New York, May 9, 2012--The Committee to Protect Journalists condemns two official attacks on journalists working in Iraqi Kurdistan, including the assault on a television news crew and the arrest of an editor whose articles alleged corruption. CPJ also calls for an investigation into a car bombing that wounded a journalist in Baghdad.


CPJ's María Salazar-Ferro names the 12 countries where journalists are murdered regularly and governments fail to solve the crimes. Where are leaders failing to uphold the law? Where are conditions getting better? And where is free expression in danger? (4:46)

Read CPJ's 2012 Impunity Index. And visit our Global Campaign Against Impunity and see how you can help.

CPJ’s 2012 Impunity Index spotlights countries
where journalists are slain and killers go free

Kamiran Salaheddin, a TV anchor for the Salaheddin Channel, was killed by a car bomb in Tikrit on Monday. (AFP/Sabah Arar)

New York, April 4, 2012--Iraqi journalist Kamiran Salaheddin was killed when a bomb attached to his car exploded late Monday, according to news reports. CPJ is investigating the circumstances of the attack to determine whether it was related to his work.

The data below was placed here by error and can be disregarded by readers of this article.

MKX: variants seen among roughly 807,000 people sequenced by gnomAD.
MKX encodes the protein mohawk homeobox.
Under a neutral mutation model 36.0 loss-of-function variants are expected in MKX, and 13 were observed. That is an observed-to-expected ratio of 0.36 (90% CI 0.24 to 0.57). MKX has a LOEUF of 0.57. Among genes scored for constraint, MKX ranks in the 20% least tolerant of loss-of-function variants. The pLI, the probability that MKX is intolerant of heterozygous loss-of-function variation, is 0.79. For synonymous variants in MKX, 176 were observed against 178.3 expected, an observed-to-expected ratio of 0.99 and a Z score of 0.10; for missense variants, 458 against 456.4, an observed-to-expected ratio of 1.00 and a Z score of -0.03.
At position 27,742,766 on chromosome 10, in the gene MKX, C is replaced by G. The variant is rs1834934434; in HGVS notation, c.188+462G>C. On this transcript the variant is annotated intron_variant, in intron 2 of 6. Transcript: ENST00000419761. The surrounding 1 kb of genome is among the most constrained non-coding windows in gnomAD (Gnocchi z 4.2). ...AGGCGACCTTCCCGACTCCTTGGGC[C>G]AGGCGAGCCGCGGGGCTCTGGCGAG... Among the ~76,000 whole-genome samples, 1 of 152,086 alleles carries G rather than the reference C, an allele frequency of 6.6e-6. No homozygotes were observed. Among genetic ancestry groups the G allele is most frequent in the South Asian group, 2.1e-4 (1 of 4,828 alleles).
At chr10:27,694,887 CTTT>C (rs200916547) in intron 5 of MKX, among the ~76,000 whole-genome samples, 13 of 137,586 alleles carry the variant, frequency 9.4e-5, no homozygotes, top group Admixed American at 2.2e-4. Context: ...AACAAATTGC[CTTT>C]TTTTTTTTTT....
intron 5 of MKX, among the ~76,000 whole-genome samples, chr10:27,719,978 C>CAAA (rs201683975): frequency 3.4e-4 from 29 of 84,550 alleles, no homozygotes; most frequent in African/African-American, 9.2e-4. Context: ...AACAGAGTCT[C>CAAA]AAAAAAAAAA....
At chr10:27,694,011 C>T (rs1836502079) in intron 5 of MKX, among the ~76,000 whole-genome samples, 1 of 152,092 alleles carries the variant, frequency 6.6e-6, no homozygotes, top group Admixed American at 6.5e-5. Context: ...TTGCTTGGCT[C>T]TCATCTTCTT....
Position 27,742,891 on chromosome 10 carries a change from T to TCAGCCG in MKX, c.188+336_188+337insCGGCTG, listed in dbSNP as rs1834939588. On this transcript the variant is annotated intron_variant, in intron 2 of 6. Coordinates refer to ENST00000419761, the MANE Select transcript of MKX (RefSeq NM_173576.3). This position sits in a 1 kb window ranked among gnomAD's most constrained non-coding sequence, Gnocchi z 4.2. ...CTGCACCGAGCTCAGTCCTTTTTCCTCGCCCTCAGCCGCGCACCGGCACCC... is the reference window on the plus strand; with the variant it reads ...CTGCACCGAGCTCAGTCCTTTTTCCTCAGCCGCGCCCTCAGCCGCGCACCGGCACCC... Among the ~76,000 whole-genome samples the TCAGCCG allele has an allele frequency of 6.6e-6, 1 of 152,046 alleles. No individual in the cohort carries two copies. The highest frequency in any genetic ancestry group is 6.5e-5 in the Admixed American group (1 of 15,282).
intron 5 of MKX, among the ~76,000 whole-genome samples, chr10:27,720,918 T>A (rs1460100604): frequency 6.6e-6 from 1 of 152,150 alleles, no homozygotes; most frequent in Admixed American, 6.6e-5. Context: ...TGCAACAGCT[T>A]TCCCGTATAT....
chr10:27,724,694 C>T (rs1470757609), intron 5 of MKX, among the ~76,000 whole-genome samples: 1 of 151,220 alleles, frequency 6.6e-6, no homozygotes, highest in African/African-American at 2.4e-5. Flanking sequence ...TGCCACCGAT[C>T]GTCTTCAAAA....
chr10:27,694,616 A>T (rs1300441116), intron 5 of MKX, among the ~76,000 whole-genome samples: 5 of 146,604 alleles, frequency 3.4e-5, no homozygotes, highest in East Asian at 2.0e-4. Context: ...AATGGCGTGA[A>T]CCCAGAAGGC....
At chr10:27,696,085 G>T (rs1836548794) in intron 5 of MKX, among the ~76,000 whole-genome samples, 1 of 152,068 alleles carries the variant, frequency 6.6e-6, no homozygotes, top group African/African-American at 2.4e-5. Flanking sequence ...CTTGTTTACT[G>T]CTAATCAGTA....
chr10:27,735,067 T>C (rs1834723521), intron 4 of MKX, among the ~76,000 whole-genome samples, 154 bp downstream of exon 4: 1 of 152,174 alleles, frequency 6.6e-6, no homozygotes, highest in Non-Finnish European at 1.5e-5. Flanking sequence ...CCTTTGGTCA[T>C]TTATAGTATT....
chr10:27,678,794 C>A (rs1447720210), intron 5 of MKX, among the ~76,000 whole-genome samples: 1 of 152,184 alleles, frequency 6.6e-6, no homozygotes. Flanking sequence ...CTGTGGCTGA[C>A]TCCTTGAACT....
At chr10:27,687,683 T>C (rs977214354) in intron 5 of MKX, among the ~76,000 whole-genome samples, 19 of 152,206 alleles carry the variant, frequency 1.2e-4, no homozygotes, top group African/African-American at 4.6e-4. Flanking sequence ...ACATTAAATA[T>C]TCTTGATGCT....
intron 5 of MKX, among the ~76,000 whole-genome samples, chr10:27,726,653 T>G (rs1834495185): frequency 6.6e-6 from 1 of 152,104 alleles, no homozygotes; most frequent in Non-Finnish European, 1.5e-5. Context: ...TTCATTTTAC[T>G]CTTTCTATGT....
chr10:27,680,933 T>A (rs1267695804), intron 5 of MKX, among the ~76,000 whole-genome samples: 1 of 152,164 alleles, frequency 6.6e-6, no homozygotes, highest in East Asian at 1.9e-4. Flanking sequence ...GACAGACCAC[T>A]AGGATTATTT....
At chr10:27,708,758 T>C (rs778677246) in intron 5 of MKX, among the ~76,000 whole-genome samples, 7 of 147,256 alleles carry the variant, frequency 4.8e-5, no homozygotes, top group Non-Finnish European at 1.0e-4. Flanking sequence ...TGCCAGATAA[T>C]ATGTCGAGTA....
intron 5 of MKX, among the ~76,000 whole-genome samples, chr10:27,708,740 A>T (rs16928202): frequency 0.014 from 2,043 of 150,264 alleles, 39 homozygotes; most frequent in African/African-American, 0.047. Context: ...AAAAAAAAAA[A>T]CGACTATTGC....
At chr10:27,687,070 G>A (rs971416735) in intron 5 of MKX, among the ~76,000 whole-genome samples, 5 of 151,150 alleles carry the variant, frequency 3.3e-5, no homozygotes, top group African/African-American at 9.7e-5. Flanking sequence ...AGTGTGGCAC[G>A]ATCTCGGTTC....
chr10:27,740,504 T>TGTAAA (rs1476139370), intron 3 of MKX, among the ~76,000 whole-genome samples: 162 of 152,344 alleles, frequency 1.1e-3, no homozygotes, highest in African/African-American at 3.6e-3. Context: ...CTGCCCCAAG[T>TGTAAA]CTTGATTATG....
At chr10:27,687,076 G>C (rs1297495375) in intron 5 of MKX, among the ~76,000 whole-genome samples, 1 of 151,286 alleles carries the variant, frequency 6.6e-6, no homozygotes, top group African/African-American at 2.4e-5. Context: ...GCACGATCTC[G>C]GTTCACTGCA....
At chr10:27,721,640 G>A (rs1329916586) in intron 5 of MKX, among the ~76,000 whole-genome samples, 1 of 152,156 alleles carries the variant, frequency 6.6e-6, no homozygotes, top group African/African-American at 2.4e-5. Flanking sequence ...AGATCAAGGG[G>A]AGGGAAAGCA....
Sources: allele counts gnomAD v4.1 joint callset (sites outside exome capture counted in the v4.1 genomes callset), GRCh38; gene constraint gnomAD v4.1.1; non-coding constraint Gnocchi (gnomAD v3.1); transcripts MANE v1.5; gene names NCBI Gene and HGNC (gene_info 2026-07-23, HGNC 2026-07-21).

Iraqi cybercrime bill is the worst kind

After the rash of political revolutions and criminal attacks on governments and companies last year, it wasn't hard to predict that 2012 would be the year of a cybercrime crackdown. The United States is considering its own cybercrime legislation, and the European Union is seeking to harmonize its member state's computer crime laws. Governments understandably want to prevent further online attacks. Journalists suffer these attacks also, but they don't necessarily gain from fiercer laws. And in the case of a proposed new cybercrime law in Iraq, they may face life imprisonment for simply doing their job.

A journalist crouches behind a cement block during clashes between Israeli forces and Palestinian protesters in the West Bank. (Reuters/Mohamad Torokman)

The danger of covering violent street protests has become a significant risk for journalists, alongside combat and targeted killings. Sexual assault, organized crime, and digital vulnerability are also hazards. The security industry is struggling to keep up. By Frank Smyth